BREAKING
Over 100 confirmed cases of COVID-19 from Forsyth County, statewide count tops 10,000
Here's the latest on the novel coronavirus in Forsyth County and Georgia
Full Story
By allowing ads to appear on this site, you support the local businesses who, in turn, support great local journalism.
Official hailed for dedication
Blackburn humbled by award named for late friend
Blackburn WEB 1
Cumming City Administrator Gerald Blackburn received the Charles F. Welch Citizenship Award on Friday during the Cumming-Forsyth County Chamber of Commerces 56th Annual Meeting. The award is given each year to someone who exemplifies citizenship and outstanding service to the community. - photo by Autumn Vetter

 

A longtime city of Cumming official was honored with this year’s Charles F. Welch Citizenship Award.

Gerald Blackburn, city administrator, received the award Friday night during the Cumming-Forsyth County Chamber of Commerce’s 56th Annual Meeting.

The award is given each year to someone who exemplifies citizenship and outstanding service to Cumming and Forsyth County.

It honors the late Welch, who served as a city councilman, county commissioner and chamber chairman.

Blackburn said he was surprised to receive the recognition during the banquet, which was held at the Lanier Technical College Forsyth Conference Center.

“I was honored most of all, and humbled,” he said.

Blackburn has been an employee of the city for 39 years. His longtime boss, Mayor H. Ford Gravitt, said no one was more deserving of the Welch Citizenship Award.

“I’ve known Gerald basically since the teenage years,” he said. “You couldn’t find a better person, a better individual, a better Christian or a harder working person than Gerald Blackburn.”

Gravitt hired Blackburn in 1972. His first job with the city was as director of the Recreation and Parks Department.

“The city had received a grant for construction of City Park, which was the first park in the city or the county,” Blackburn recalled. “One of the requirements of the grant was to have a parks director, so I got the job.”

Blackburn had also been active in youth sports throughout the county for many years.

He said in those days, individual communities would “get together and clear off an area for a field.”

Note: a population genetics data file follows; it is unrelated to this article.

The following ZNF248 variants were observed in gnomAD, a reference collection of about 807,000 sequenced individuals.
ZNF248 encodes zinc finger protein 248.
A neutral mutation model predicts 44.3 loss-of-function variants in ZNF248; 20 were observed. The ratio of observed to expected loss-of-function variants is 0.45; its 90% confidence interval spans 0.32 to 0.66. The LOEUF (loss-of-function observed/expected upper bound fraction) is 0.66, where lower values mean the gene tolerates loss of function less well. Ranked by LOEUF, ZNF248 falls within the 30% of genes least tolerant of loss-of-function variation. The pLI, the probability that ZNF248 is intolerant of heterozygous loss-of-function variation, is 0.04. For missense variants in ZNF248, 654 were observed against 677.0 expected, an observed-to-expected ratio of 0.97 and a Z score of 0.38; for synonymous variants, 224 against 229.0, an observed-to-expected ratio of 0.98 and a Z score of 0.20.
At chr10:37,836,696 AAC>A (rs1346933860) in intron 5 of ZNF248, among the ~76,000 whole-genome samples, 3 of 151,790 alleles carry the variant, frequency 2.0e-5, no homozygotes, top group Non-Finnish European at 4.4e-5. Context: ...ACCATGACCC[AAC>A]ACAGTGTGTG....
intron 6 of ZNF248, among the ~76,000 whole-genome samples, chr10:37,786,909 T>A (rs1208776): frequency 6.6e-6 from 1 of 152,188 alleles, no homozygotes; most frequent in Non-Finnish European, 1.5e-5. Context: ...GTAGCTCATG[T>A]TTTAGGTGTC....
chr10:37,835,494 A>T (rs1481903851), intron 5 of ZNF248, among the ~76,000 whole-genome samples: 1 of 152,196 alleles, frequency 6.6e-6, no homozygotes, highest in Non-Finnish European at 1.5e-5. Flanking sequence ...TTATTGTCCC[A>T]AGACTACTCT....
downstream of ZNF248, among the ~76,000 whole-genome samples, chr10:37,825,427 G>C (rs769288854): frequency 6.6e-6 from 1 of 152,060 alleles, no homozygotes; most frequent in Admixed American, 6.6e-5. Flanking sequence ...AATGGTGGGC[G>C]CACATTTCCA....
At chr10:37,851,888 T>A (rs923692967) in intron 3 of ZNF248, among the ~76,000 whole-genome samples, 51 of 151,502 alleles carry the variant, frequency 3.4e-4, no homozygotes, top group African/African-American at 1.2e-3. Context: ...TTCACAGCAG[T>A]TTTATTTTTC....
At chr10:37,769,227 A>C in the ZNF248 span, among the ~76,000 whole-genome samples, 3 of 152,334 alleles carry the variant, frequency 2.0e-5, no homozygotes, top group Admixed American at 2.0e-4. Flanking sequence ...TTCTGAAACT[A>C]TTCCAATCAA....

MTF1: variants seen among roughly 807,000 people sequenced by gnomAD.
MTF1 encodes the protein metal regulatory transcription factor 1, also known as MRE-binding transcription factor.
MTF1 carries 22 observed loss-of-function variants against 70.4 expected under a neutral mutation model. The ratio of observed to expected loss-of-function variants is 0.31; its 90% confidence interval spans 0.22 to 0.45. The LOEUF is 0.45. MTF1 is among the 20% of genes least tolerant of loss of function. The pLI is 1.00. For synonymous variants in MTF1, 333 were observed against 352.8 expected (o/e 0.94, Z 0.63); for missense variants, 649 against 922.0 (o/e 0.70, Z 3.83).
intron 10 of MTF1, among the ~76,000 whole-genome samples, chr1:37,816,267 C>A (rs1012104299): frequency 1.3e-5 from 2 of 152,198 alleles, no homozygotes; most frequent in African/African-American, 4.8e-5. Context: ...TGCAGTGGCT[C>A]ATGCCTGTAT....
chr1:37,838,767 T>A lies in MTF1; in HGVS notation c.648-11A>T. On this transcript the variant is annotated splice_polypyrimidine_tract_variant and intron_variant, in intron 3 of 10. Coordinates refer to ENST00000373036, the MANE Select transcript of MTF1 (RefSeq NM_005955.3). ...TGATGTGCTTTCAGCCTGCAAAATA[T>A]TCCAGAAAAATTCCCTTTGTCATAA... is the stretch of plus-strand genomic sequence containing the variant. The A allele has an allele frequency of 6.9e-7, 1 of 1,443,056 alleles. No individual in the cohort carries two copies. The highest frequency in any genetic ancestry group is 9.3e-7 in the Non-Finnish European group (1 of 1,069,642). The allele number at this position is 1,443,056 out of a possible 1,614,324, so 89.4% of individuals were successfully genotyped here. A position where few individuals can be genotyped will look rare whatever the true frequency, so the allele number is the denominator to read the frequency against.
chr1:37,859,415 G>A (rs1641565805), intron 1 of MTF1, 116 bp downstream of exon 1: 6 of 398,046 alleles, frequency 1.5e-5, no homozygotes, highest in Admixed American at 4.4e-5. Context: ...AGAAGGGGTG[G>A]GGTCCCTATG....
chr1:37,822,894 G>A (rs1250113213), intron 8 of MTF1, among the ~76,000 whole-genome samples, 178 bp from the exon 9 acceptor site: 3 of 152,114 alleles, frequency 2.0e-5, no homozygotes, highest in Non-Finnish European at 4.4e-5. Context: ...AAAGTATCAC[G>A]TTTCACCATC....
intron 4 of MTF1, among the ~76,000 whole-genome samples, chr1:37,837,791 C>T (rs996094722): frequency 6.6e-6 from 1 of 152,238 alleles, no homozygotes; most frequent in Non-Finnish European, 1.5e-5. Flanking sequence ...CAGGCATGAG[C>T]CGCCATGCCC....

Blackburn said he began volunteering in youth sports due to his children’s participation, but decided to continue because he liked volunteering.

“I really enjoyed it,” he said. “I just did whatever they needed me to do.”

Blackburn served as parks director for 13 years. In 1985, he was named city administrator, a position he still holds.

Gravitt attributed much of the city’s success over the years to Blackburn’s leadership.

“He’s a great influence on the employees of the city,” the mayor said. “He’s responsible for most of the longevity of employees.

“You don’t hear about much turnover here in the city of Cumming, and that’s largely because of Gerald Blackburn.”

Blackburn, in turn, attributed his long service to others. 

“We’ve got the greatest team and best group of employees you could ever ask for,” he said. “It’s a good place and good group of people.”

Like his career, Blackburn’s personal life also reflects stability.

He and his wife, Sue, have been married for more than 50 years.

“We were high school sweethearts,” Blackburn said. “She was a city girl. She went to Cumming Elementary School and I went to Matt. We were the first group in what’s now Forsyth Central High School.”

Together they have three grown children — daughter Robin, and sons Shane and Kiwp — and eight grandchildren, ranging in age from 5 to 23.

Blackburn has been an ordained Baptist minister for the past 25 years. He has lead several Forsyth churches, including Mayfield, Shady Grove, Crossroads and currently Harmony Grove.

“I feel [becoming a minister] is a calling and something I felt lead to do and I had felt that way for quite some time,” Blackburn said.

As for the Welch award, Blackburn said he’ll keep it in a special place on his desk.

“Charles and I grew up together as boys in the Silver City community,” he said. “Charles, even as a young person, was somebody who had great vision … he was able to see what the lake, our being so close to the mountains, the closeness to one of the major cities in the world, and [Ga.] 400 making its way through here, he could see all those things and what they could bring to his community.

“That’s what makes this award so special to me, having known him all his life and his family.”